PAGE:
How Over Twenty Ladies Did Their First Chin-up Within a Year
Considering the absolute strength differences between men and women, a pull-up is a great challenge for women with strength goals. I train a number of women, so I decided to challenge my students (and myself) by embarking on a bold one-year plan to help as many of my students as possible achieve their first chin-up. […]

Considering the absolute strength differences between men and women, a pull-up is a great challenge for women with strength goals. I train a number of women, so I decided to challenge my students (and myself) by embarking on a bold one-year plan to help as many of my students as possible achieve their first chin-up. .

Start from the beginning

The saying goes, "If you don't assess, it's just a guess." Assessments are essential before starting any training plan with a specific goal in mind. They help us see where the majority of the training time needs to be spent, and then choose the best route to get there. I will describe my assessment process below, but first agree that an appropriate level of prerequisite strength must be present for the skills to be expressed.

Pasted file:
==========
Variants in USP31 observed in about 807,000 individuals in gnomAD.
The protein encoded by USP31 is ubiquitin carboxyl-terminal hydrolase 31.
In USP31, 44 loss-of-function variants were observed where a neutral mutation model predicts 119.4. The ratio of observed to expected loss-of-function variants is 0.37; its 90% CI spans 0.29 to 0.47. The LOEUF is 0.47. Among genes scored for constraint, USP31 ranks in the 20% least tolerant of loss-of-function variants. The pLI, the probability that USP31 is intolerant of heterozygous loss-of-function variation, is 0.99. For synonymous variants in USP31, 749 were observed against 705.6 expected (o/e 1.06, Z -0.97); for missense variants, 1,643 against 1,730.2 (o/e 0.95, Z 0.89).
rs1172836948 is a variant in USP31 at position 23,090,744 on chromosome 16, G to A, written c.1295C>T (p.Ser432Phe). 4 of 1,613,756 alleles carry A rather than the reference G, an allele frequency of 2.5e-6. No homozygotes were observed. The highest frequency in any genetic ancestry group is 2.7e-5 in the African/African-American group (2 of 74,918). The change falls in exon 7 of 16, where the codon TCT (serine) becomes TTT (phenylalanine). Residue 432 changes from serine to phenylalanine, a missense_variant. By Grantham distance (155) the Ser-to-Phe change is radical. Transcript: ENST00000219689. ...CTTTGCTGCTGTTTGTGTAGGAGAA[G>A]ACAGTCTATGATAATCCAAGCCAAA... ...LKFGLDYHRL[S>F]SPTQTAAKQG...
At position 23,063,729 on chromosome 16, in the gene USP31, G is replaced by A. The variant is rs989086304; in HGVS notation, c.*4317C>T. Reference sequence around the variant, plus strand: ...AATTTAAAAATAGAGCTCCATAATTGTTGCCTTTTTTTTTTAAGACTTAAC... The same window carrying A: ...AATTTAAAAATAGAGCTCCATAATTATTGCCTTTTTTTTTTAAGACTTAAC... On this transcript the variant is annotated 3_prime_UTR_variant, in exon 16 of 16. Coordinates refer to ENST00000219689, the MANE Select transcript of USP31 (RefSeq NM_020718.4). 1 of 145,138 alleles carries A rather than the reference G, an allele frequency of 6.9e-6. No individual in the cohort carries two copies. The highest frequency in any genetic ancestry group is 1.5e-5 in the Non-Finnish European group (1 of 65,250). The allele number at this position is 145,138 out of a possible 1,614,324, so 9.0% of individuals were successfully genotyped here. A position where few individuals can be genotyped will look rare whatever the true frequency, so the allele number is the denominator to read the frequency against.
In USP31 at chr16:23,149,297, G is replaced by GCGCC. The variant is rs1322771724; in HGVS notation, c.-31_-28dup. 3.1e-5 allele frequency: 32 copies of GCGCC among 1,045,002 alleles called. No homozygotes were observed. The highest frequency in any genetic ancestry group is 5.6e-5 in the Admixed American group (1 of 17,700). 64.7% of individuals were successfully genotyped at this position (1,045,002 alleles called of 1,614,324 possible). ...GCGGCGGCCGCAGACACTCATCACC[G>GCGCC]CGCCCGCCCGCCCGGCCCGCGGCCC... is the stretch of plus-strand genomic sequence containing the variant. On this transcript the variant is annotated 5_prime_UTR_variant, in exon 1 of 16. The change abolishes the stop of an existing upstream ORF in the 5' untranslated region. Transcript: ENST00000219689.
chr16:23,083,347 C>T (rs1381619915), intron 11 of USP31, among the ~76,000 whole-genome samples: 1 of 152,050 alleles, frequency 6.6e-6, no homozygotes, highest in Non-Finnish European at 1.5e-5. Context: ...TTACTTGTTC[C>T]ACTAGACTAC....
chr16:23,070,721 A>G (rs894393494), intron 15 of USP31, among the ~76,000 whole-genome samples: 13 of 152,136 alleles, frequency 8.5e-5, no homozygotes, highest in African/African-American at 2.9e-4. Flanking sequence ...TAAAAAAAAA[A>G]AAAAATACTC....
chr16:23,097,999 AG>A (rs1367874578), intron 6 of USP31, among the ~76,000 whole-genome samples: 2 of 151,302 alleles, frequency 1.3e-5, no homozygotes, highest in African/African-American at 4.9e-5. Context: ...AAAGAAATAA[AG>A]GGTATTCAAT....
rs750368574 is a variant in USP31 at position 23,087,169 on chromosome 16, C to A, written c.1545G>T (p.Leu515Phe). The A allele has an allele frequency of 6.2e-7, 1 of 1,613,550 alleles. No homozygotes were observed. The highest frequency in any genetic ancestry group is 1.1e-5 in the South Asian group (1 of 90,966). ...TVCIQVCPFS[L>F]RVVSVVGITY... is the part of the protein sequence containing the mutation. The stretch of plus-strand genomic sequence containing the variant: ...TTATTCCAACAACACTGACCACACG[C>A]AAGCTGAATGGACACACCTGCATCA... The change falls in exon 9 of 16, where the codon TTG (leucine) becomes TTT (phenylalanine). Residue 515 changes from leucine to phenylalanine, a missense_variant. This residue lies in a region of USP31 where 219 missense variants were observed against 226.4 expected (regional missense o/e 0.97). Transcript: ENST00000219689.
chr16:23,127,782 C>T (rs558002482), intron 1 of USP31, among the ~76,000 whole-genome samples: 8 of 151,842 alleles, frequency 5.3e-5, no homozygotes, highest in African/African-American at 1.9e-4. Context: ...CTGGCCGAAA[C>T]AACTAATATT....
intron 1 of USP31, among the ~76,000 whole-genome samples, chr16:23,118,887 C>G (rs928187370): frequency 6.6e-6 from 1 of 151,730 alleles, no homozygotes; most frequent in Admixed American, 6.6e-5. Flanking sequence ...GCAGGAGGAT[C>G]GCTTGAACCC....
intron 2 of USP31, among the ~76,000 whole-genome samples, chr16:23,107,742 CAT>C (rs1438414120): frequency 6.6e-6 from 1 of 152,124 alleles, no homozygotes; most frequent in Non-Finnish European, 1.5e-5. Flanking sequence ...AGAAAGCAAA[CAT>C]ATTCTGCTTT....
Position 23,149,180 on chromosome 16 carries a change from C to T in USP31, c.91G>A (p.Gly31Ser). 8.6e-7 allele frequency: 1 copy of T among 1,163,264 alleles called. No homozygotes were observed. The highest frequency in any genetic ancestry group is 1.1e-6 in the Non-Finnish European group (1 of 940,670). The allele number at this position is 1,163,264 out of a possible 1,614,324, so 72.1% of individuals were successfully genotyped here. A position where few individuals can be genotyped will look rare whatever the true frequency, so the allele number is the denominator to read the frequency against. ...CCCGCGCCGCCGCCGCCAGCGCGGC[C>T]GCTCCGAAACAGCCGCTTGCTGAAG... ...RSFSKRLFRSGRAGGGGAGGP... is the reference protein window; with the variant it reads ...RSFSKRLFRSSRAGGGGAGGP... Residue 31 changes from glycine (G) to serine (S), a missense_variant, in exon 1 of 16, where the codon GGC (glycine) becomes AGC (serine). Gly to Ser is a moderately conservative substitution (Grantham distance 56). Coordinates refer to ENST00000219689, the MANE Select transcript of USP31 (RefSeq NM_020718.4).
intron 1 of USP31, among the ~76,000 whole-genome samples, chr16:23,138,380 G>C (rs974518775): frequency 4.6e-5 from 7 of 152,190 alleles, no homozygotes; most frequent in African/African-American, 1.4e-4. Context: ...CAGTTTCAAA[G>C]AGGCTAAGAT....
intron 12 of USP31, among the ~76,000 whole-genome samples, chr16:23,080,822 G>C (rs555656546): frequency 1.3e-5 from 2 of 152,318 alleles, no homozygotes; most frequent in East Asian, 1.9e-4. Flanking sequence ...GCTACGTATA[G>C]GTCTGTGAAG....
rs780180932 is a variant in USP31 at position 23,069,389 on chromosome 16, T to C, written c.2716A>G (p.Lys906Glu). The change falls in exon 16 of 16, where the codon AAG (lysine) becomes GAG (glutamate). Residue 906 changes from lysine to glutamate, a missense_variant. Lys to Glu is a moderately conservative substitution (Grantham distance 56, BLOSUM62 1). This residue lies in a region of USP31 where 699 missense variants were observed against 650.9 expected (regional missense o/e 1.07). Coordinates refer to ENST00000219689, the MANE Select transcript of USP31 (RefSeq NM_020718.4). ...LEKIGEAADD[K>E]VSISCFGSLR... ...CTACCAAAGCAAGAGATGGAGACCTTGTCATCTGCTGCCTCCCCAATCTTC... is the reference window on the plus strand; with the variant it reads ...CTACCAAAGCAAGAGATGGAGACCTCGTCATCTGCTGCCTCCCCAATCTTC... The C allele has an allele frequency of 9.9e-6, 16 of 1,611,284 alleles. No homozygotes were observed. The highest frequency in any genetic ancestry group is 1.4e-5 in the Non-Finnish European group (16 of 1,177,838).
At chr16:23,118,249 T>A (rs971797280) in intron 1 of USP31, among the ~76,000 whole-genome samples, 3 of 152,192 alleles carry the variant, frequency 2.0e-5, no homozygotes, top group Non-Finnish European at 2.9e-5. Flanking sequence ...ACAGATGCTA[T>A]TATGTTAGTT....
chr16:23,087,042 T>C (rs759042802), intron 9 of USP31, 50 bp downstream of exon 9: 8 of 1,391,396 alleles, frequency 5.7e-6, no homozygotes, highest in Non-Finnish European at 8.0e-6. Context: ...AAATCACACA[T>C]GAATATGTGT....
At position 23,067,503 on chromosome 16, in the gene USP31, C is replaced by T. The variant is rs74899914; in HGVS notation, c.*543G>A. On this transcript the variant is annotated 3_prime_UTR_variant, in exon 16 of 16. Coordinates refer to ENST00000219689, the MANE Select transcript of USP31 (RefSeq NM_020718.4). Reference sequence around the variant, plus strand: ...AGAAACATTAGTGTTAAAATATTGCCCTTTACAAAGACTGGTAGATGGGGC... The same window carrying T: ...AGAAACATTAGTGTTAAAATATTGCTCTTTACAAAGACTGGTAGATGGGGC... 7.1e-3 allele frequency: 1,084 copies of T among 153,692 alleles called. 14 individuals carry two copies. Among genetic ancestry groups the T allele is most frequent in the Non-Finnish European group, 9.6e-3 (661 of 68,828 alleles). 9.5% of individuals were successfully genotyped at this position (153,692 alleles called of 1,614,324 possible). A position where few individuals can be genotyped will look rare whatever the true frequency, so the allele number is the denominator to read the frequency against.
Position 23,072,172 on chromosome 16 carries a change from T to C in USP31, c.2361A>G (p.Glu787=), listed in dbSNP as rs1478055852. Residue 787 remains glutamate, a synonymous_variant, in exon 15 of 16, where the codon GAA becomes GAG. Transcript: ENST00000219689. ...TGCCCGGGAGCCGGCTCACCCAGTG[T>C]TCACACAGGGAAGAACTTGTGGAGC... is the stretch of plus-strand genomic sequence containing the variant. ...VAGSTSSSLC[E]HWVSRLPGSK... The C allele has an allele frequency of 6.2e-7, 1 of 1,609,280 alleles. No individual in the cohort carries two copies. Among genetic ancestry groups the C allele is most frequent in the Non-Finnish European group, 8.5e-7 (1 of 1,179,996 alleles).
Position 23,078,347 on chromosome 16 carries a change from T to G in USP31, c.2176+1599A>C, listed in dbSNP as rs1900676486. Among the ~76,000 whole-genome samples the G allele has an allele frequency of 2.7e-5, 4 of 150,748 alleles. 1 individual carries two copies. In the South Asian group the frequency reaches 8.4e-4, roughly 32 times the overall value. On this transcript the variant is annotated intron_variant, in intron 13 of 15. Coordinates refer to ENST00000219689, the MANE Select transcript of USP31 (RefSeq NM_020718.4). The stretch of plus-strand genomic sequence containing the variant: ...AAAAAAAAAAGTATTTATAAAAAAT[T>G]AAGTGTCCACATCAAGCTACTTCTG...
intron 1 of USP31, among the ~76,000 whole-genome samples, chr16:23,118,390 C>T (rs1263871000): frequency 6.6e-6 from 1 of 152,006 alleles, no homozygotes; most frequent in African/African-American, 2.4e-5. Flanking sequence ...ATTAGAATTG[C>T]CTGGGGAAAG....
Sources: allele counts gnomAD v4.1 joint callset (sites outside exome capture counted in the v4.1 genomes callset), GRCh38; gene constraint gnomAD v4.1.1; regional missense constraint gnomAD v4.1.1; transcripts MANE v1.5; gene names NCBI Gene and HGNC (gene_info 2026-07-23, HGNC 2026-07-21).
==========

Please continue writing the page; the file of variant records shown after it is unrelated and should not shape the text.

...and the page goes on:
My current ratings are:

  1. Artificially Controlled Environment (ACE) - This is a term known in StrongFirst to help movement find exactly what point of current friction the student must overcome. Applying ACE to movement shows us if the student needs a ton of support or if it's just at a point of friction.
  2. Is the student able to maintain an isometric contraction for ten seconds at the three main traction blocking points: the 170 degree elbow angle, 90 degrees, and the flexed arm hanging down with the chin above the bar ?